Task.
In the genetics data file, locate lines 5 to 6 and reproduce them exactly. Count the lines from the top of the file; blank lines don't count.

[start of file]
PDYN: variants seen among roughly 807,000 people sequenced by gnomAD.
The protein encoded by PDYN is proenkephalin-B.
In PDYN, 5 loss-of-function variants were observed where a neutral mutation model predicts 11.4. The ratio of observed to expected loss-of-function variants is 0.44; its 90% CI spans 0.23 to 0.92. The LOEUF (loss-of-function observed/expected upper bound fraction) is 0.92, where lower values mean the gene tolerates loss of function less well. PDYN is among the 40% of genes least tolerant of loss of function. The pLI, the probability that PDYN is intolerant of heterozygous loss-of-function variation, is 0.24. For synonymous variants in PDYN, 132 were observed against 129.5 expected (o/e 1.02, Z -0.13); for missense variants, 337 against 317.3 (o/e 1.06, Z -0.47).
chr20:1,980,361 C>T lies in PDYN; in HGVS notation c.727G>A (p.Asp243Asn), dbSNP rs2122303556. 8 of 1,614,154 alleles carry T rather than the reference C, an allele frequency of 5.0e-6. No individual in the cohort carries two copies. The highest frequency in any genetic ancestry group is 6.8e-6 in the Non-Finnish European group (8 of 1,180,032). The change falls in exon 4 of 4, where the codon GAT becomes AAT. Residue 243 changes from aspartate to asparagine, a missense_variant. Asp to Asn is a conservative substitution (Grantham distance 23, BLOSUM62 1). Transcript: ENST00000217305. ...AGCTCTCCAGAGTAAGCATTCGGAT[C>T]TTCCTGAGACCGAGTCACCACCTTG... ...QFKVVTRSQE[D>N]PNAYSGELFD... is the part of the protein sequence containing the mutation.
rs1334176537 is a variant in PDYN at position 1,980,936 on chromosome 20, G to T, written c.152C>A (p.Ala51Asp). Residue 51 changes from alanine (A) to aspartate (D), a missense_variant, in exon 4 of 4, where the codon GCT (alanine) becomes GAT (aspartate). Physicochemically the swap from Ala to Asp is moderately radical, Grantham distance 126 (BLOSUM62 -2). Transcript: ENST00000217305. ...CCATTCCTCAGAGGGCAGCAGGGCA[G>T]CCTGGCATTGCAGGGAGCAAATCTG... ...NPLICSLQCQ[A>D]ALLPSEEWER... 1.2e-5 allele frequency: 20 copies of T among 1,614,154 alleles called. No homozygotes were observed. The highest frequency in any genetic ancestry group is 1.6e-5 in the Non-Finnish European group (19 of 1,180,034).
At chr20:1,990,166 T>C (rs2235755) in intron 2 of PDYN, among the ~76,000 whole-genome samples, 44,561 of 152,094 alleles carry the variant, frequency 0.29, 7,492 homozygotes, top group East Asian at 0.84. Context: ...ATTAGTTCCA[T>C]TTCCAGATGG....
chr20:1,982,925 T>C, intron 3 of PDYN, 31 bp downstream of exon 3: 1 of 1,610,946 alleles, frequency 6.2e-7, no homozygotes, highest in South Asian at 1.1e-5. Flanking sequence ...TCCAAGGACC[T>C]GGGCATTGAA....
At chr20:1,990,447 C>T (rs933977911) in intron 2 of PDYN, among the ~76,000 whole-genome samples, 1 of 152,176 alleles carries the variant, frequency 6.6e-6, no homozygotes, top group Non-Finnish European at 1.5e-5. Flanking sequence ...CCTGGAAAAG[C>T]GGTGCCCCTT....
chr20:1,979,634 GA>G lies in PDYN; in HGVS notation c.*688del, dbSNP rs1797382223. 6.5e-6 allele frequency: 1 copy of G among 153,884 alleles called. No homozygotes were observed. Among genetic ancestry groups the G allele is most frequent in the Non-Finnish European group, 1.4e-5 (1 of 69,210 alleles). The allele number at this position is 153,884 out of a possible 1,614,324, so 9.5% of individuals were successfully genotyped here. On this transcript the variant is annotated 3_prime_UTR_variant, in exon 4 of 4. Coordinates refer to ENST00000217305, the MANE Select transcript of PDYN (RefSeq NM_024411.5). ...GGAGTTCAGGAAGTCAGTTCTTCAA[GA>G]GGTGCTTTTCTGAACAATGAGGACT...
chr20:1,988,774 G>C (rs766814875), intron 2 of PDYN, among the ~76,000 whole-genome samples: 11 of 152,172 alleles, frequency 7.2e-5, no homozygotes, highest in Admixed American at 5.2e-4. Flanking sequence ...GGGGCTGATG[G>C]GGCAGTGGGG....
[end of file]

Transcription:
rs1334176537 is a variant in PDYN at position 1,980,936 on chromosome 20, G to T, written c.152C>A (p.Ala51Asp). Residue 51 changes from alanine (A) to aspartate (D), a missense_variant, in exon 4 of 4, where the codon GCT (alanine) becomes GAT (aspartate). Physicochemically the swap from Ala to Asp is moderately radical, Grantham distance 126 (BLOSUM62 -2). Transcript: ENST00000217305. ...CCATTCCTCAGAGGGCAGCAGGGCA[G>T]CCTGGCATTGCAGGGAGCAAATCTG... ...NPLICSLQCQ[A>D]ALLPSEEWER... 1.2e-5 allele frequency: 20 copies of T among 1,614,154 alleles called. No homozygotes were observed. The highest frequency in any genetic ancestry group is 1.6e-5 in the Non-Finnish European group (19 of 1,180,034).
At chr20:1,990,166 T>C (rs2235755) in intron 2 of PDYN, among the ~76,000 whole-genome samples, 44,561 of 152,094 alleles carry the variant, frequency 0.29, 7,492 homozygotes, top group East Asian at 0.84. Context: ...ATTAGTTCCA[T>C]TTCCAGATGG....